The One-Hundred-and-Second Chart

October 18, 2013

By Ekta R. Garg

I have a confession to make: when my kids mispronounce words, I don’t correct them.

Is that a terrible thing to do?  Maybe.  Maybe not.  The trouble is, they say everything with such precision and accuracy that I don’t get to hear many things mispronounced.  In fact, I could probably count on one hand the number of words they say incorrectly—between the two of them.

I really don’t remember how old Seven was when she began communicating in full sentences, but when she started talking every word—every syllable—came out crystal clear.  Once, when she was just shy of her second birthday, we took her to the mall for a family outing.  Someone had commented on how cute she was and asked her age.  I think I was the one who answered, “Twenty months.”

Somehow the phrase “twenty months” got incorporated into her vocabulary.  We’d taught her to count to 20, and even though she skipped some of the higher teens, she always ended her counting with “twenty months.”  We even have video of a small Seven running through the house being chased by her father and giggling and counting, and as clear as a bell you can hear her say, “…sixteen, eighteen, twenty months!”  To this day we’ll occasionally call her “Twenty months”; when she jibes back it’s still in flawlessly-said words.

When she was three years old, though, she went to school and got introduced to pretzels for the first time.  After having them for snack in her preschool, one day she asked me, “Mamma, can you buy some prent-zels?”

I didn’t know they’d started eating pretzels in school, so it took me a few moments to figure out what she meant but I caught on to it after puzzling it out.  I think I did correct her the first couple of times, but when the correction didn’t take I just let it go.  To this day Seven still asks for “prent-zels” when she wants that particular snack.

Earlier this week I’d put some in her lunchbox, and after school I asked her (as I do every day) whether she’d eaten all of her lunch that day.

“I ate all of my prent-zels, but I didn’t finish my fig newtons,” she said.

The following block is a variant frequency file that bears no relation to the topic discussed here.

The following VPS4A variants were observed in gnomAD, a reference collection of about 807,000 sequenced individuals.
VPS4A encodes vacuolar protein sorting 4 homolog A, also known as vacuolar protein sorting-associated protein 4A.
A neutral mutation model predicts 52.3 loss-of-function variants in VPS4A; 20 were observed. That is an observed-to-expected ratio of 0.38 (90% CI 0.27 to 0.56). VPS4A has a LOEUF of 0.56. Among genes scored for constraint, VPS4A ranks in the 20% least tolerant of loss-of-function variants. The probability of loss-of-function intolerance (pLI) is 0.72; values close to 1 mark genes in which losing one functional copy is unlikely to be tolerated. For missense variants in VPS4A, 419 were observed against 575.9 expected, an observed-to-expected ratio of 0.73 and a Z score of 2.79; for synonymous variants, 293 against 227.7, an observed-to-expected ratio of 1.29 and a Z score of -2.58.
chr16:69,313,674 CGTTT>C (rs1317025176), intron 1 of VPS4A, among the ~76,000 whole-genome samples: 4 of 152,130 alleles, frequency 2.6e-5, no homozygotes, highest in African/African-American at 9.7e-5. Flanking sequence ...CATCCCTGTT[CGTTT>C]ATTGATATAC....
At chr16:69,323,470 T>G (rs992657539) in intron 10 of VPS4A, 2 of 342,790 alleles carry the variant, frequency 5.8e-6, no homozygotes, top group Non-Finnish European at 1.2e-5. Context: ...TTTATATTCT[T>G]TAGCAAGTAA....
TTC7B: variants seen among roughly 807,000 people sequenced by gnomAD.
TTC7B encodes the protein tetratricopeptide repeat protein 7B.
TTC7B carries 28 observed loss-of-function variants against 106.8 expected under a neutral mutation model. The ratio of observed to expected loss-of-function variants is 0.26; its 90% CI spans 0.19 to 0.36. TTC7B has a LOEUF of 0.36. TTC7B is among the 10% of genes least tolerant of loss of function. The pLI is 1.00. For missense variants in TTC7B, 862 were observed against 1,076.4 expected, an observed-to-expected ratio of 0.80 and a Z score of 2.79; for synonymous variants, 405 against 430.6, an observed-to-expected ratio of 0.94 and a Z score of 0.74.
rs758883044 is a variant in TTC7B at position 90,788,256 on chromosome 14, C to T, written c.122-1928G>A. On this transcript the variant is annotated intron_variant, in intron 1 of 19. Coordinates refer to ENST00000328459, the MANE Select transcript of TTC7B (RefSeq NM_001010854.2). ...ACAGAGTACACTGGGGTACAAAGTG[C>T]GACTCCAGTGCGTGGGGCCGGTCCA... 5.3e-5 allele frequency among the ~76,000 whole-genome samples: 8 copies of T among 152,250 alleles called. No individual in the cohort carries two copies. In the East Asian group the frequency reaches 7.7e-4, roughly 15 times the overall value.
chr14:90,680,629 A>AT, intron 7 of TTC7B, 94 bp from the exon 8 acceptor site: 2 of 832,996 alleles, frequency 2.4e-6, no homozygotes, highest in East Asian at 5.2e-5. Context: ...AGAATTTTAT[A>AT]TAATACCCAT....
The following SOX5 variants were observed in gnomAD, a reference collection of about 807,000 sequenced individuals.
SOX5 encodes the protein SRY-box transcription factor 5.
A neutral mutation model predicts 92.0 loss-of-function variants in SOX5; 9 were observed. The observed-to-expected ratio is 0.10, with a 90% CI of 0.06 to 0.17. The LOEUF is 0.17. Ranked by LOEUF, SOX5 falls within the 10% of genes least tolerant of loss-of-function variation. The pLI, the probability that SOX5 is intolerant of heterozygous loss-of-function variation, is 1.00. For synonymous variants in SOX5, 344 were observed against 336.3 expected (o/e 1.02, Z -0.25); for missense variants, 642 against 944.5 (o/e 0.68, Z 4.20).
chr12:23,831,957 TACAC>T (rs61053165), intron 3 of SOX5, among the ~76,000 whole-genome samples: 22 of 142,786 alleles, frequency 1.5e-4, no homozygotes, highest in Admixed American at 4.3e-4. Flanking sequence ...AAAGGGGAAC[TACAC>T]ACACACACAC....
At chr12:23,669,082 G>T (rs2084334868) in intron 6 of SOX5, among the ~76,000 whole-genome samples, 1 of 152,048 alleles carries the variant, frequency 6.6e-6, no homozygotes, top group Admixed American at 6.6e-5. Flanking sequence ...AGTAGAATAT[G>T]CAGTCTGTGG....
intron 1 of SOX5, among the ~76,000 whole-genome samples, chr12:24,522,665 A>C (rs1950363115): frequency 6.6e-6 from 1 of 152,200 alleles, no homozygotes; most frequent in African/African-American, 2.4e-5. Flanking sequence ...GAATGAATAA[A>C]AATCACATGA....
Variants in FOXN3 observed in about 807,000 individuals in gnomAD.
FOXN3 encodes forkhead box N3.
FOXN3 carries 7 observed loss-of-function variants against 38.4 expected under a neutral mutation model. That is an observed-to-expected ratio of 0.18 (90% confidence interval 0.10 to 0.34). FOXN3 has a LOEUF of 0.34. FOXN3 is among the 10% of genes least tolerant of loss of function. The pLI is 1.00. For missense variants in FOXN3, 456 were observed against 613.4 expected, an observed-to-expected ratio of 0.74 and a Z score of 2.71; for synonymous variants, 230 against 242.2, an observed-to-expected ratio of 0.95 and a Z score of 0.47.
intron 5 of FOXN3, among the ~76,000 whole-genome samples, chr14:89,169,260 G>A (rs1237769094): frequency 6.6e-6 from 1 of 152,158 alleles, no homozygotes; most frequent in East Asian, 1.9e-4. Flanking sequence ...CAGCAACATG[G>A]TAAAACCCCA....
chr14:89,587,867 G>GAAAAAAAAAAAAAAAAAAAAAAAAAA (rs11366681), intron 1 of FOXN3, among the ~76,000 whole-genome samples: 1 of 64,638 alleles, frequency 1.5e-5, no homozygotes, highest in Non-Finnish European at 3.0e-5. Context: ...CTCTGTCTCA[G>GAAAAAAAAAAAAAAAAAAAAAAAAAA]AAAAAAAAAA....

“Di-Di, what are prent-zels?” Five asked.

Seven did that thing she does when a big sister kind of ignores her little sister’s question and takes the conversation somewhere else.  I think she’s caught on to the fact that she doesn’t pronounce the word correctly, but, again, I don’t have the heart to tell her what about her pronunciation is incorrect.

In keeping up with her big sister, Five also began speaking with a surprising amount of clarity at an incredibly young age.  When Seven did it, I thought it was just the typical “first-child-has-to-compete-with-all-the-adults-in-the-house” state that first children encounter.  When Five came along, I assumed it was a “younger-sister-following-in-her-big-sister’s-footsteps” kind of thing.  Both of them breezed through baby talk and moved to regular conversations so fast that we didn’t really enjoy too many months of “Isn’t it cute how she mispronounces that?”  So when we do run into that rare count-on-one-hand example, I let it slide.

Yesterday Five got into the car and told me about some sort of “adventure” the middle schoolers will have.  Apparently the “gnome” has been kidnapped, and the middle schoolers in her school have to find the little fellow.  I have to point out there that her private school is small—there’s only one class per grade, and with combined classes for every two grades the school administrators make a concerted effort to include the younger children in experiences the older students have.  Even if that means they just talk about it.

I’m sure the entire K/1 class was abuzz with news of the kidnapped gnome.  Except that as Five told me about it in the car, she said the gnome was “kibnapped.”

I hesitated, debating about whether I should tell her what the right word was.  I made a halfhearted attempt at it, but after the third or fourth “kibnapped” once again I let it go.  Since she’s started kindergarten I’ve found my daughter maturing at what can sometimes be an alarming rate, and I like these little nudges toward her baby self.  I figure that “pretzels” and “kidnapped” don’t come up in common conversation enough for me to worry about anyone teasing the kids about the way they pronounce the words.  I also figure that they’ll probably learn soon enough how to say these words the right way, and the baby part of my babies will be gone for good.

So until then, I won’t correct the way they say words.

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